Indigenous Peoples Day 2020.


On Friday, the preferred president of assholes everywhere issued a shitty proclamation declaring that today’s federal holiday is exclusively a celebration of Italian-American contributions to our nation and the exploits of a particular 15th century Italian explorer, said exploits necessarily encompassing the ensuing brutal colonization and genocide of Indigenous people in the Americas. This proclamation is much, much worse than I even imagined. (And I write this as a person with significant Italian-American heritage.) If you choose to read on, you will first want to ensure that your irony meter is in excellent working order and – this is the important part – still under warranty.

For one thing, consider what Pres. Alpha Asshole and his Merry Minions of Masklessness would be saying and doing about Italian immigration a hundred years ago. You know: before Italians suddenly and miraculously became white. I’m pretty sure my grandmother, who happened to be exceptionally dark-skinned even for southern Italy, would have been locked up in a cage along with her sister and all the other Italian immigrant children.

Of course those among us who think we should instead recognize and reckon with the truth of our nation’s history are deemed “radical activists” and “extremists” who “seek to squash any dissent from their orthodoxy” and instead promote a “radical ideology” and “revisionist history” just to “spread hate and division.”

Let us pause for a moment here so that you can recalibrate your irony meter and/or attempt to extinguish the flames emanating therefrom.

Okay now? Good. The preceding was merely setting the stage for what I really want to talk about on this Indigenous Peoples Day. If you guessed that is “Indigenous people,” you win all the internetz! 🏆⭐️🏅

News that the COVID monster is disproportionately impacting BIPOC communities is fairly ubiquitous, at least here in New York. However, I am not certain whether that ubiquity exists because we were hit earlier and harder than other regions of the country and our state government has done an outstanding job of gathering and publicly reporting COVID testing statistics. If this is not the case elsewhere, it is likely because other regions have not been hit as hard by the virus (yet), compounded by testing and reporting policies inadequacies that prevent drawing any such conclusions.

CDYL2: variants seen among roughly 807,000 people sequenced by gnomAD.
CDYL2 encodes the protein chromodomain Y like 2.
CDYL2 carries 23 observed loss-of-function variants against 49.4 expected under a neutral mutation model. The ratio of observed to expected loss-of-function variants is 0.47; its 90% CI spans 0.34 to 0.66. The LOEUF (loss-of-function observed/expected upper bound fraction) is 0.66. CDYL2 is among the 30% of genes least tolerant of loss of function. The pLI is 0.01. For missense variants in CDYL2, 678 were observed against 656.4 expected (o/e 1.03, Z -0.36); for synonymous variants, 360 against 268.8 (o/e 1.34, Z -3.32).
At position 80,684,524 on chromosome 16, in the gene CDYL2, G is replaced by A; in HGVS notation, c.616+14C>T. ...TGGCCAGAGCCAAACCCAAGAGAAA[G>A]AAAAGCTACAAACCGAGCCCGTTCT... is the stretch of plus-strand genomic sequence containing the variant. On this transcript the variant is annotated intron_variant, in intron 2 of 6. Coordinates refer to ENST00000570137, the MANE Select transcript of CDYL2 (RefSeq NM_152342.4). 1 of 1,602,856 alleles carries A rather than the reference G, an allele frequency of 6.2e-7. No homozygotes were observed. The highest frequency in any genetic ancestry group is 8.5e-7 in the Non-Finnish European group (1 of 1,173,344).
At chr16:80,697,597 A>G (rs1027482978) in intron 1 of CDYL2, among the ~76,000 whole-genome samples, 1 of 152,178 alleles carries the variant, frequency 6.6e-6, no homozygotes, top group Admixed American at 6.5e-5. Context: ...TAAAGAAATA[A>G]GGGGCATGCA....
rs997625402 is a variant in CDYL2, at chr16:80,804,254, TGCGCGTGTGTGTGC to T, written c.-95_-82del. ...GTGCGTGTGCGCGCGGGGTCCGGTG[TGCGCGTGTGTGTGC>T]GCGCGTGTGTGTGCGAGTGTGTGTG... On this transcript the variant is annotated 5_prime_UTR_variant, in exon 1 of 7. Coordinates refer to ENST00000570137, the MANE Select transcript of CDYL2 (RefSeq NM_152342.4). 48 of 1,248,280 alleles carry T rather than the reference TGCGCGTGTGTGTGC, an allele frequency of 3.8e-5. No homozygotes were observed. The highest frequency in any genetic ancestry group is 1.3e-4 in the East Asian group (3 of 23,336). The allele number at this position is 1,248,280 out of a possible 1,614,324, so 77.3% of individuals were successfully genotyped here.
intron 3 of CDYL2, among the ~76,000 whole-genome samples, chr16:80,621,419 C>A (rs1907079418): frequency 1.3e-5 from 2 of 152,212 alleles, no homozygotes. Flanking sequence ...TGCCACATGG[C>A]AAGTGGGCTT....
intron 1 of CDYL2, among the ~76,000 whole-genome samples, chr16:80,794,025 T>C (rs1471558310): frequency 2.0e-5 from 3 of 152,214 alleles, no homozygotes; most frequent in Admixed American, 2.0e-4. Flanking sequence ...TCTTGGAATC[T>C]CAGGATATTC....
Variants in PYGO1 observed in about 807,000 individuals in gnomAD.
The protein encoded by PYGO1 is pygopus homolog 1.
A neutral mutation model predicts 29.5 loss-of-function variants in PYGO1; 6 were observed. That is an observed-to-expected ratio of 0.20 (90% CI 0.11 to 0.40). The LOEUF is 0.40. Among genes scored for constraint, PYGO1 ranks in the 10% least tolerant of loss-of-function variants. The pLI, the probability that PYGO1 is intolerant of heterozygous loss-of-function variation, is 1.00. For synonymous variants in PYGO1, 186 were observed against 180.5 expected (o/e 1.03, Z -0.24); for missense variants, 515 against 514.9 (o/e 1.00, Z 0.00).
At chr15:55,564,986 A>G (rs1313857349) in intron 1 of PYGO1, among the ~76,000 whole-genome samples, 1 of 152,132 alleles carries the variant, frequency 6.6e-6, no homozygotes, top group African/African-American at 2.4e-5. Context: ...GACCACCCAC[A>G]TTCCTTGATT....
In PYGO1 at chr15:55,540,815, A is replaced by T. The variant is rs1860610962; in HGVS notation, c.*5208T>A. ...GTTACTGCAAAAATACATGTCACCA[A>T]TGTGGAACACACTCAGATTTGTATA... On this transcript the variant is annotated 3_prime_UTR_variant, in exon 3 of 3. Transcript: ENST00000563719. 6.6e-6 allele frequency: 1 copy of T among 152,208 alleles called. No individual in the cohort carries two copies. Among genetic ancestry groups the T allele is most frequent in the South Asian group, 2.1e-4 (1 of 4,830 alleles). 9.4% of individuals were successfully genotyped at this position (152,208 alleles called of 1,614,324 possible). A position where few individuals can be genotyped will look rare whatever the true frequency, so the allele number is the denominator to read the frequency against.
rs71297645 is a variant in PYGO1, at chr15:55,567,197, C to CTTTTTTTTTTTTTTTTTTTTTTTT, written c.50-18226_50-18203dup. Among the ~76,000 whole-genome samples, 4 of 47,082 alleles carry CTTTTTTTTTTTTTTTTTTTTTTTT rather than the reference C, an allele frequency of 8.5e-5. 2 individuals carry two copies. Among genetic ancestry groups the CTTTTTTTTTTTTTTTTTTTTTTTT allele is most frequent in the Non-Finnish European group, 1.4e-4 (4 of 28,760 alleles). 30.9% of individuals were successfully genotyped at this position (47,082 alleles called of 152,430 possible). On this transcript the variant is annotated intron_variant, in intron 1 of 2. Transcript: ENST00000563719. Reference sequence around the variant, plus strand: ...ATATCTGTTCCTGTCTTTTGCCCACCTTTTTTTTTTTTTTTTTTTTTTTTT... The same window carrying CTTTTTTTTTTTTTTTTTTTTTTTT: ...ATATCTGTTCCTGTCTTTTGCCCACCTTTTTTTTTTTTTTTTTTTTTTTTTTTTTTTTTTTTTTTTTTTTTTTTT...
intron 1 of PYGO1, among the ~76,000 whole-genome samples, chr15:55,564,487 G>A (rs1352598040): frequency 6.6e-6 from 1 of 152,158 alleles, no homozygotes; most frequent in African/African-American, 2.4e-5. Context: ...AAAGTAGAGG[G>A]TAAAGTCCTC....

Nevertheless, for this post I went looking for recent data on COVID in Indigenous communities. And I was heartbroken (though hardly surprised) to learn that the situation is far worse than I thought: nobody knows.

Abigail Echo-Hawk, a scientist, activist and citizen of the Pawnee Nation of Oklahoma, has been fighting public health battles on behalf of Indigenous communities for many years. As director of the Urban Indian Health Institute (UIHI), chief research officer for the Seattle Indian Health Board and co-author of a recent paper published in Morbidity and Mortality Weekly Report, she can tell you that her study found American Indians and Alaska Natives (AI/AN) were 3.5 times more likely to be diagnosed with COVID-19 than non-Hispanic whites. She can also tell you that statistic is bullshit, because 27 states do not accurately report patients’ race and ethnicity. “That is a gross underreporting,” Echo-Hawk told Science. “The data is a national disgrace.”

Head shot of public health scientist and activist Abigail Echo-Hawk.Abigail Echo-Hawk
FYI: THIS IS WHAT A SCIENTIST LOOKS LIKE.
(photo: Katty Huertas for Science)

Echo-Hawk dedicated herself to addressing this lack of Indigenous-specific health data on multiple fronts, long before COVID.

Speaking of national disgraces, consider maternal mortality. The CDC breaks down US maternal mortality reports by three classifications: white, Black, and Hispanic, while all other races are combined into “other.” Ditto for many hospital intake forms and other documents routinely required to access health care. A more obvious institutional practice of erasure is difficult to conceive.